Anyone who’s caught themselves in a moment in the corridors of a dark club — where propulsive, main room beats become muffled in the wash of ambient crowd noise and the enticing out-thereisms of Room 2 — has already felt the vibe of Alien Jams. In those moments of surfing suspense between rhythms, moods and temperatures, the dance feels dizzy with cosmic potential. It’s a feeling that Chloe Frieda’s label has bottled and sold across its 18 releases to date.
From the rumbling distortion and tape-hiss pulse of oMMM’s ‘Parallel Lines Converge’, which launched the imprint, to EPs and albums by rkss, Beatrice Dillon & Karen Gwyer, Wilted Woman and more, Alien Jams fuses techno, electro and EBM with noise, dark ambient and sound collage. The parameters of what constitutes music for the club and music for headphones are stretched to their limits across its catalogue, and the results are never less than thrilling.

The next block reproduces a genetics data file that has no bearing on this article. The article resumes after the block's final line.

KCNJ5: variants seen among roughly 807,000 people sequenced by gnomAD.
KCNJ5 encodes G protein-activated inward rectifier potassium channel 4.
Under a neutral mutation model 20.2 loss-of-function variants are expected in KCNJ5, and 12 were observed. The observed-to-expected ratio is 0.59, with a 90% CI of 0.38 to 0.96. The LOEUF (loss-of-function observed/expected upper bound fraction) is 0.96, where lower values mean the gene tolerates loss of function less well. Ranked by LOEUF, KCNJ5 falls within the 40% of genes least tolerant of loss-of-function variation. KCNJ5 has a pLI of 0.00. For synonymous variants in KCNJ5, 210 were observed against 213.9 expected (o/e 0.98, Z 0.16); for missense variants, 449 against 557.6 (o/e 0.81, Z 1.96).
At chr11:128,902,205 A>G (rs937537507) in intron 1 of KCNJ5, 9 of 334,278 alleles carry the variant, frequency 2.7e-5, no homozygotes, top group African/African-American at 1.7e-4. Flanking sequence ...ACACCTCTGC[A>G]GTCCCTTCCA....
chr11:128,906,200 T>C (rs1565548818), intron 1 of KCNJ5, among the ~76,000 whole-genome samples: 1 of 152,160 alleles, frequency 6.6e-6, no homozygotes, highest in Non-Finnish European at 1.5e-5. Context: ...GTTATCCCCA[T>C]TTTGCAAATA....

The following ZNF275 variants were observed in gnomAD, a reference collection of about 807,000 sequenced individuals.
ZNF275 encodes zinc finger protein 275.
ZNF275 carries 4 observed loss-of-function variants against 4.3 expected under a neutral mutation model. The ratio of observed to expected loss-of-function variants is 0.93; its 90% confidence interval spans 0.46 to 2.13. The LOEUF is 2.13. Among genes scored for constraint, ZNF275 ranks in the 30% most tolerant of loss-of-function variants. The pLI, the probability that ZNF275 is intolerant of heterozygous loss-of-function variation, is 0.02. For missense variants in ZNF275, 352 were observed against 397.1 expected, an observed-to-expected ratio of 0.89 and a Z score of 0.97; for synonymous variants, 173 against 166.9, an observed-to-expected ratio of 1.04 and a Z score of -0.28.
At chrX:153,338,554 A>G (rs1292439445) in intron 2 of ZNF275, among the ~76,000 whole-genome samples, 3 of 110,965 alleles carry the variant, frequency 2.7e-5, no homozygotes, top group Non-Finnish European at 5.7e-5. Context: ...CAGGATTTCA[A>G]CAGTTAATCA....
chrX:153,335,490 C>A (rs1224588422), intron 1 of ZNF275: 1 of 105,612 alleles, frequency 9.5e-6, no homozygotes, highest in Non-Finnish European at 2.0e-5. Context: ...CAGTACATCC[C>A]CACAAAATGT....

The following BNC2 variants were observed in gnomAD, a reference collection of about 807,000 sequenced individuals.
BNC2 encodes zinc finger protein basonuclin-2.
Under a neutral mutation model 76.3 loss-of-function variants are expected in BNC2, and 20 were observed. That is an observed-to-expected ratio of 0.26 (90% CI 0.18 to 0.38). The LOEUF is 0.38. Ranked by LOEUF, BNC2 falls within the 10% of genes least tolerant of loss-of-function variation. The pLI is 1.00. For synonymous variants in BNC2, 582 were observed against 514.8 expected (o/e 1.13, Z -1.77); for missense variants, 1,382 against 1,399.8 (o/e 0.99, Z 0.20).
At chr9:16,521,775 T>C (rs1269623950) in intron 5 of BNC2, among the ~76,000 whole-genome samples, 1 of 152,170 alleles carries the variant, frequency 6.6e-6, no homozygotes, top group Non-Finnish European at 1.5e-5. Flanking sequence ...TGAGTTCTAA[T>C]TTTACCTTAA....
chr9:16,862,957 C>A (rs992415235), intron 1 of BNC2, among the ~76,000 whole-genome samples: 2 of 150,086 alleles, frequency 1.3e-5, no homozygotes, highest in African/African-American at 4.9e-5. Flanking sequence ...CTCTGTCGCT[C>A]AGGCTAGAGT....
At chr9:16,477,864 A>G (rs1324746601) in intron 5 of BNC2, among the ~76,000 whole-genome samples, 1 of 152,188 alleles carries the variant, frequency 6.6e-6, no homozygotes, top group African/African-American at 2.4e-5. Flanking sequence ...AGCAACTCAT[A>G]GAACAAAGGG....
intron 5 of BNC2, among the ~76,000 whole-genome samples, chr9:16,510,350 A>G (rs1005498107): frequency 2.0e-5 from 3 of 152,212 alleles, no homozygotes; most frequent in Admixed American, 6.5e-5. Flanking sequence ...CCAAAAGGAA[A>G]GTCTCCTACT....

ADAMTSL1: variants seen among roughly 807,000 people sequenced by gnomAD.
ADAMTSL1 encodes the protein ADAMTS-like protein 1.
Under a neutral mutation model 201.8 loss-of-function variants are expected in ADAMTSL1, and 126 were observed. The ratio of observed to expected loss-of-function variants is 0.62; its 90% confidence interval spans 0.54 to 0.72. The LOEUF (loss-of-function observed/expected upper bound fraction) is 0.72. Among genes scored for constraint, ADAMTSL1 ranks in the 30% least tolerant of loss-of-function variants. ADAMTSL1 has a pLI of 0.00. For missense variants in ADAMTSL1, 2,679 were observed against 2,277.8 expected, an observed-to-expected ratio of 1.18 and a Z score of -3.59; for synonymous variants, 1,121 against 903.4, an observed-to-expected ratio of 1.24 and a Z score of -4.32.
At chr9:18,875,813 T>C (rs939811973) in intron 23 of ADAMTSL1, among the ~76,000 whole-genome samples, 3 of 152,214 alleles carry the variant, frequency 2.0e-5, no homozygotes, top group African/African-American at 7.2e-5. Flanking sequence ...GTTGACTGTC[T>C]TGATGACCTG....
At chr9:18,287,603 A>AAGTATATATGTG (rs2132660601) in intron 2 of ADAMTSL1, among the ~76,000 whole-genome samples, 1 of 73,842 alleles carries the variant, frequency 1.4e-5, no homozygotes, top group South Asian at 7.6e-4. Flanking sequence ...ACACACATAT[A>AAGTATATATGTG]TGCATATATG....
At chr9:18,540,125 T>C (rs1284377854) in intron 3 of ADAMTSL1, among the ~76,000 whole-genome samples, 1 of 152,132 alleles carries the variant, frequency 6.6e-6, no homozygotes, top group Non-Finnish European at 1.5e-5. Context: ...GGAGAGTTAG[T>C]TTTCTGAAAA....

Alien Jams has its origins in 2011, as one of the first regular shows on NTS Radio. Frieda, who had relocated to London from Bellingham, Washington a couple of years before, had previously held a residency on the university station KUGS FM, and wanted to start a new show exploring the history of electronic music.
Listening to early episodes of Alien Jams, the sounds of electronic pioneers like Daphne Oram, Delia Derbyshire, Morton Subotnik and Kraftwerk appear alongside cuts of post-punk, minimal synth and industrial music; Frieda digs deep into obscure scenes, as well as introducing contemporary innovators. Gradually, her interests leaned further into newer sounds, which have in turn become the label’s focus.
“When I started doing the show I was doing a lot of research into technology developing in the ’60s and ’70s, and things changing in the sounds,” Frieda says. “I still have that as part of the show, and I think it is quite nice to have that background because it is this kind of backbone — but now, I try to give a platform to newer artists. I’m interested in just showcasing new stuff.”